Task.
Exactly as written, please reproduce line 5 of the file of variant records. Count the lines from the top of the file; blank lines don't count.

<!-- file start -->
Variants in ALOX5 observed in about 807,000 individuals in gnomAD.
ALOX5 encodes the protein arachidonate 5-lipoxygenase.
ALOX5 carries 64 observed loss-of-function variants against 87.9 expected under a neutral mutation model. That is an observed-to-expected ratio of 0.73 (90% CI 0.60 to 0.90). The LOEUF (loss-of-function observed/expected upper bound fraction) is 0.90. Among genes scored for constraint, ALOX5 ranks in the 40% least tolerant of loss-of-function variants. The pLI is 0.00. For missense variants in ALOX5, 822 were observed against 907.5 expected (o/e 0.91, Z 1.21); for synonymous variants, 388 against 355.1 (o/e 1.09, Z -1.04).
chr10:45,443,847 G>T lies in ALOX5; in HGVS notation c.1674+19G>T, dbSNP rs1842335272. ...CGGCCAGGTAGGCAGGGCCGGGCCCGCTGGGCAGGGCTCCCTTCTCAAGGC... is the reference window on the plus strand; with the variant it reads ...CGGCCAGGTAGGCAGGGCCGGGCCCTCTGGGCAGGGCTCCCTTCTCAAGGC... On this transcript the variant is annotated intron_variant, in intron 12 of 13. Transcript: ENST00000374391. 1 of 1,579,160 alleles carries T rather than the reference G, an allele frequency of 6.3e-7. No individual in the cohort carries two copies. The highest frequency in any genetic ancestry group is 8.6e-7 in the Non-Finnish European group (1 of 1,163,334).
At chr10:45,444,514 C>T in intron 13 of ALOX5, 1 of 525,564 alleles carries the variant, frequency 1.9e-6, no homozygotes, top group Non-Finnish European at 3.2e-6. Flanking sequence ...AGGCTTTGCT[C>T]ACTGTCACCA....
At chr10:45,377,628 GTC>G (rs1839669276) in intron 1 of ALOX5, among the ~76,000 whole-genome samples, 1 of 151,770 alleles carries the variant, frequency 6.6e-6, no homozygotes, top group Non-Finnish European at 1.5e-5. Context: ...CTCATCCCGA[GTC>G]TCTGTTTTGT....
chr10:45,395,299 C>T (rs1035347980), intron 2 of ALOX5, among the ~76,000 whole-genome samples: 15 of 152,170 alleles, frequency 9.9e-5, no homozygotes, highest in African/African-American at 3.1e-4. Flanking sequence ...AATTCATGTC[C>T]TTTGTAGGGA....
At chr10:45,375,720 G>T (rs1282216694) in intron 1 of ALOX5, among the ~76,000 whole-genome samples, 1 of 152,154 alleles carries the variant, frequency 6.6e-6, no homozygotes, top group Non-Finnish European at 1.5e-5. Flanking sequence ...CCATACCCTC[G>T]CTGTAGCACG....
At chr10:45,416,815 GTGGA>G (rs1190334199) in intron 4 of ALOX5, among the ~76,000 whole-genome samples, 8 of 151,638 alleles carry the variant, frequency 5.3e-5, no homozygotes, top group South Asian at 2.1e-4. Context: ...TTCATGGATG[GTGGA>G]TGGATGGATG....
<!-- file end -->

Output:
At chr10:45,444,514 C>T in intron 13 of ALOX5, 1 of 525,564 alleles carries the variant, frequency 1.9e-6, no homozygotes, top group Non-Finnish European at 3.2e-6. Flanking sequence ...AGGCTTTGCT[C>T]ACTGTCACCA....